The Daily Spike: Team Training matches Canine Companions with 'forever' partners

Look at all these good dogs!

Spike and I are hoping that one day he’ll be featured in one of these photos wearing a blue vest. But Spike, a Canine Companion-in-training, currently wears a yellow vest, which means he’s still learning. (The blue vests mean those dogs are fully trained service dogs.)

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After puppy raisers like myself give their pups back to Canine Companions, the dogs go through six months of advanced training with professional trainers. If selected, the dogs – like the ones seen above – go on to “Team Training," right after they have been matched up with their human partner. It's at these quarterly Team Training sessions – located at each of the six regional Canine Companions for Independence facilities – where candidates are matched up with their assistant dogs through a carefully thought-out process.

When candidates are invited to Team Training, Canine Companions has a good idea of each recipient’s personality and lifestyle, and attempts to align the best possible personality matches between the dogs and the Team Training students — not unlike speed dating.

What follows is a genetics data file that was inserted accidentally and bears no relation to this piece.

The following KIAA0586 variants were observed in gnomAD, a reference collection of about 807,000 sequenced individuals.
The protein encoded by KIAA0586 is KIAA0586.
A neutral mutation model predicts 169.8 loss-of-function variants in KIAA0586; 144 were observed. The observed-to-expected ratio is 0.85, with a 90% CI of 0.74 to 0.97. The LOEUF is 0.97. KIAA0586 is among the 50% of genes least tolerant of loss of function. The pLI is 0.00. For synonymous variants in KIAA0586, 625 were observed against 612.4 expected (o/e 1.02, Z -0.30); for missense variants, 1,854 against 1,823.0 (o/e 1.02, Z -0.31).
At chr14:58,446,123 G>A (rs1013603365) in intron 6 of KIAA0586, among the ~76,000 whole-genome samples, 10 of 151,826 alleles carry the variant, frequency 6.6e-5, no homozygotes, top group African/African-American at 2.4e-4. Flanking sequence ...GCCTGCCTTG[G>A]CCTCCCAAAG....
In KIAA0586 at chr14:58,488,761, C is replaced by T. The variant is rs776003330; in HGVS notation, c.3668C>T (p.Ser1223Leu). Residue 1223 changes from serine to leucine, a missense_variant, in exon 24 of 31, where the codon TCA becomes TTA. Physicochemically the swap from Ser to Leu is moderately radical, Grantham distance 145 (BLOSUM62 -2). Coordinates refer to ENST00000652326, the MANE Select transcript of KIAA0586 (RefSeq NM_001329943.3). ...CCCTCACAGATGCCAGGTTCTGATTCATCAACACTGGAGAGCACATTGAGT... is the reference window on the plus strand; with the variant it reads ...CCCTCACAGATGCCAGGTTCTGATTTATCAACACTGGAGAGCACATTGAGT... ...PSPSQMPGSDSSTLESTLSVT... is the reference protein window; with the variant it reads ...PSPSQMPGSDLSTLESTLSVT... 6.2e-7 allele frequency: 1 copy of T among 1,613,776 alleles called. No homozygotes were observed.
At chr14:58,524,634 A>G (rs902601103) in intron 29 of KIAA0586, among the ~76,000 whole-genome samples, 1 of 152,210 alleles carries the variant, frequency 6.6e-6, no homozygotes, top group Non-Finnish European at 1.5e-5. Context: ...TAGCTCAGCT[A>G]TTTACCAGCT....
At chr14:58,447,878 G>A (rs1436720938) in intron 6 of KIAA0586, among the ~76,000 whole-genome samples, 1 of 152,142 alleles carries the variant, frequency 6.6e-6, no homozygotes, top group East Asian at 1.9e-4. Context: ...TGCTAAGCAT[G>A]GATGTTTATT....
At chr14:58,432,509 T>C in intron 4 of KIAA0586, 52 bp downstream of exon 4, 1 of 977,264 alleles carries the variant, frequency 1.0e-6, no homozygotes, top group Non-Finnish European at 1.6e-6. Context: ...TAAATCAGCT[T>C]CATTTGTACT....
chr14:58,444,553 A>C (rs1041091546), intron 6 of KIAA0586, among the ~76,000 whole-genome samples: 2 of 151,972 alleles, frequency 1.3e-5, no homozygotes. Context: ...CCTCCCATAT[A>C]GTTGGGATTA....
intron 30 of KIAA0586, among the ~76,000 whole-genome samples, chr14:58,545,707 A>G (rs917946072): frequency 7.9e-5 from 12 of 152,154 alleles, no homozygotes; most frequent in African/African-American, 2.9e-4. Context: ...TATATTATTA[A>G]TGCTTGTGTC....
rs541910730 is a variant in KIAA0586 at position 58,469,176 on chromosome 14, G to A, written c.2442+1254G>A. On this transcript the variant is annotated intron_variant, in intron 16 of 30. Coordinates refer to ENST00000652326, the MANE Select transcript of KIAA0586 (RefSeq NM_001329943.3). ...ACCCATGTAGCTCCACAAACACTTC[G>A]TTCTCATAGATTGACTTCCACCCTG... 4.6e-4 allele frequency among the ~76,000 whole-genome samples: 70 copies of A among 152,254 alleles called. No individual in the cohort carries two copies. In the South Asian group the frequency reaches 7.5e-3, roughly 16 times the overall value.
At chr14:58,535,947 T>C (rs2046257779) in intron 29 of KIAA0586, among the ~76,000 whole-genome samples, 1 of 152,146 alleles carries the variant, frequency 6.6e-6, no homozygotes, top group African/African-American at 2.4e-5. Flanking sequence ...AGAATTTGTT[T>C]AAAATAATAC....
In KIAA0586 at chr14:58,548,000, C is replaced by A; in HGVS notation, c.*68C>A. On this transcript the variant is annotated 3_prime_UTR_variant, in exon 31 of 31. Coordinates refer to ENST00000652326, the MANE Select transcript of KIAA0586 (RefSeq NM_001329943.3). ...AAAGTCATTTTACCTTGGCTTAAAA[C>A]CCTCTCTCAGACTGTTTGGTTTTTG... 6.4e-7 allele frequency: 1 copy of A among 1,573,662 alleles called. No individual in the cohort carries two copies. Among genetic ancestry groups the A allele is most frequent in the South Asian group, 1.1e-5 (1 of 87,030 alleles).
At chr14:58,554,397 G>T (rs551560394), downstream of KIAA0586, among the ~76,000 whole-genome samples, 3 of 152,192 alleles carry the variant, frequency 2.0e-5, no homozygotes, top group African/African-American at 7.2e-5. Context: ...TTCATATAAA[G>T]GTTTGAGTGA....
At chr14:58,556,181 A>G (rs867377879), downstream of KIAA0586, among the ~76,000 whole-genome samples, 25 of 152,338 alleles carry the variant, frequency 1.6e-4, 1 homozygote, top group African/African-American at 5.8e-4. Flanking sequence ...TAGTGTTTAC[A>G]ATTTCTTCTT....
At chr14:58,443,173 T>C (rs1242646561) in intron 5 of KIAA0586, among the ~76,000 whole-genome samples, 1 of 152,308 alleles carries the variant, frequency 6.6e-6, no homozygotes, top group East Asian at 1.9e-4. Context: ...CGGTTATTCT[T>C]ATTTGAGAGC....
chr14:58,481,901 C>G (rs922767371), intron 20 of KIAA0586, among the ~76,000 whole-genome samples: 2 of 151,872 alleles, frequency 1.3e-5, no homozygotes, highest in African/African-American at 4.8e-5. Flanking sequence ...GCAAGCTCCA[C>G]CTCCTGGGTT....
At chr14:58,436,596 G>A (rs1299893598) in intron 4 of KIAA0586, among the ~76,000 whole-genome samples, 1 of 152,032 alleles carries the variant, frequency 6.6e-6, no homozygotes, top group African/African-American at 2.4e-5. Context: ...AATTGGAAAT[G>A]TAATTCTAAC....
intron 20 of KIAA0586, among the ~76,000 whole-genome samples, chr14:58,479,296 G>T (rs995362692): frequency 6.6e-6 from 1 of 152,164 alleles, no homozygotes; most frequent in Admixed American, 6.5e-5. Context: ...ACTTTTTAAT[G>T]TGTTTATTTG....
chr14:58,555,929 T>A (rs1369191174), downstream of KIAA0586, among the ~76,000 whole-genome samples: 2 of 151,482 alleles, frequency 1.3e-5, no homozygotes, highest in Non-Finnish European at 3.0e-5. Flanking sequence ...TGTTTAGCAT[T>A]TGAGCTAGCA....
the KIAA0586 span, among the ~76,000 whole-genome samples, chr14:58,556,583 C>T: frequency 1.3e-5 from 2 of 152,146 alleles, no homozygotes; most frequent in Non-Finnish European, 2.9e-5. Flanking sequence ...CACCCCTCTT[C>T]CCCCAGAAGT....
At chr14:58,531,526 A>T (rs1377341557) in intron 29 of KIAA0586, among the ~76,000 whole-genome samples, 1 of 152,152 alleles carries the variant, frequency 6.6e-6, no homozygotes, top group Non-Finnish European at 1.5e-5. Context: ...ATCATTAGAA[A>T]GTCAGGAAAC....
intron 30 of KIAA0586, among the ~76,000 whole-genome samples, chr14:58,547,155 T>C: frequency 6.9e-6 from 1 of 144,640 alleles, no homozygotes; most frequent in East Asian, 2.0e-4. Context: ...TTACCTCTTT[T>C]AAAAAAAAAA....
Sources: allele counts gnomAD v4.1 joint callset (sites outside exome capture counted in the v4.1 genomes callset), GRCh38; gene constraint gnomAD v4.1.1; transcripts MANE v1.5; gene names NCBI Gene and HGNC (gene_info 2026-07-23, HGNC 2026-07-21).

(Jennifer Williams)

The candidates work with different dogs to make sure the match selected for them is the best fit. And most of the time, it’s love at first sight. More often than not, the match just clicks, and becomes a successful team.

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That said, it’s one of the hardest times of the year for Canine Companions for Independence puppy-raisers.

First off, these hardworking folks wait by the phone to hear if their dogs are being selected for Team Training. (Not all dogs are selected; some might have developed more normal habits, like chasing squirrels. But you can't blame them!) Then, if their dogs complete all their training and get selected to go, the puppy-raisers are just so hopeful that their furry friends will find their forever matches at Team Training, which lasts a full two weeks.

During this time, the students learn how to handle the dogs, give commands and take field trips to local establishments. It's stressful, emotional, rewarding and often challenging for everyone involved.

Of course, we wish nothing but the best for all the wonderful humans and dogs in Team Training. Spike and I can’t wait to see all the graduate teams one week from today at graduation!

(Canine Companions for Independence)

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For more information on Canine Companions for Independence, visit CCI.org.